Sen. Ulysses Currie (D-Prince George’s) appeared before a Maryland legislative ethics committee for more than four hours Monday, amid signs that the panel is moving toward a recommendation in his case.
Currie emerged from the closed-door session shortly before 4:30 p.m. and was quickly ushered down a stairway in a Senate office building by his lawyer, Joseph F. Murphy Jr., a former judge on the Maryland Court of Appeals.
Currie and Murphy, who were followed by several news reporters, both declined to comment on the proceedings, which are examining the relationship between the senator and a grocery chain that paid him $245,000 over five years.
A federal jury acquitted Currie in November of criminal charges that, under the guise of a consulting relationship, he used his office to do government favors for the chain, Shoppers Food Warehouse.
Currie, a former chairman of the Senate Budget & Taxation Committee, was also accompanied Monday by his lead lawyer in the criminal case, Joseph L. Evans, an assistant federal public defender.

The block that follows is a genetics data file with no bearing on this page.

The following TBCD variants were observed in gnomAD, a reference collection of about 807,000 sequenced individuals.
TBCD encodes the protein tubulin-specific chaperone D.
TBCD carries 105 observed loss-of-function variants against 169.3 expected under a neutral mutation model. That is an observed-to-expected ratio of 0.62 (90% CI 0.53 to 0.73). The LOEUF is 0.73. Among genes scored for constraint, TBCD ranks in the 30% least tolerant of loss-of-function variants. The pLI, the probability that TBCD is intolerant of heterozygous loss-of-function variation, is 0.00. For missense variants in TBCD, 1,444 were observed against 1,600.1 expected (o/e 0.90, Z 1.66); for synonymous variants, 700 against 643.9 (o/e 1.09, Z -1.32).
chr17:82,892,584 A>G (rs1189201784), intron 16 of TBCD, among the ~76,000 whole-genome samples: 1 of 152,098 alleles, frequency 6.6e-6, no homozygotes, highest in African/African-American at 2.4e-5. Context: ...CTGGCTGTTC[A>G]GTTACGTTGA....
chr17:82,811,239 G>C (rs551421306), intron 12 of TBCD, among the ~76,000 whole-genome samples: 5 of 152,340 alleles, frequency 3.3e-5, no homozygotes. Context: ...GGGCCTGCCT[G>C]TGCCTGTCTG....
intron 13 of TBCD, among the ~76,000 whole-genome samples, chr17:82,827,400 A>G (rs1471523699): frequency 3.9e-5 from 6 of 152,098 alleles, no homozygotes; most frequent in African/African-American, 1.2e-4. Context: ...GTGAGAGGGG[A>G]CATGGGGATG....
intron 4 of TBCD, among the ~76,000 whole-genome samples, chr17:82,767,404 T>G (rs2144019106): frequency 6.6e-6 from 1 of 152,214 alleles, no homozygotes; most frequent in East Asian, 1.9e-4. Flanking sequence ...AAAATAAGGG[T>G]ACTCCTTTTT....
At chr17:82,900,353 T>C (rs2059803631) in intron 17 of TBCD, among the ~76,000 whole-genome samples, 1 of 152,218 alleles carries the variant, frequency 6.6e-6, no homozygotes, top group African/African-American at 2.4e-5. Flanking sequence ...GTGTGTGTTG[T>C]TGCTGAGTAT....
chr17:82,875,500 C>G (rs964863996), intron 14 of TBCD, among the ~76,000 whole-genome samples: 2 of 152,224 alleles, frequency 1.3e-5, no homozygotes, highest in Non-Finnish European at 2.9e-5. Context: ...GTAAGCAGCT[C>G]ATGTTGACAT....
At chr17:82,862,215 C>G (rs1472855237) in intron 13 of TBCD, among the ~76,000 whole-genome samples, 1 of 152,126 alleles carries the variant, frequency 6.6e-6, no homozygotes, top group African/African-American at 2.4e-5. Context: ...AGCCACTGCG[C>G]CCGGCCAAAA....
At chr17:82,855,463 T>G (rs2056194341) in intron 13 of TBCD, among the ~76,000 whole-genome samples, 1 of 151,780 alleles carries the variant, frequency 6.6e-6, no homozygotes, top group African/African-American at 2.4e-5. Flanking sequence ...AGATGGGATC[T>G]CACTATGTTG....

During trial, defense lawyers acknowledged ethical lapses by Currie that they argued did not amount to crimes. Among them: failing to disclose his consulting work on state ethics forms and voting for a liquor license transfer that the chain sought from the General Assembly.
Members of the Joint Committee on Legislative Ethics, which consists of both House and Senate members, declined to comment on the substance of Monday’s proceedings as well.
Brian K. McHale (D-Baltimore), the House chair of the panel, said it would reconvene Tuesday morning but offered no further details.
The committee is authorized to recommend sanctions ranging up to expulsion. Privately, senators and legislative staff have suggested a censure of Currie is more likely.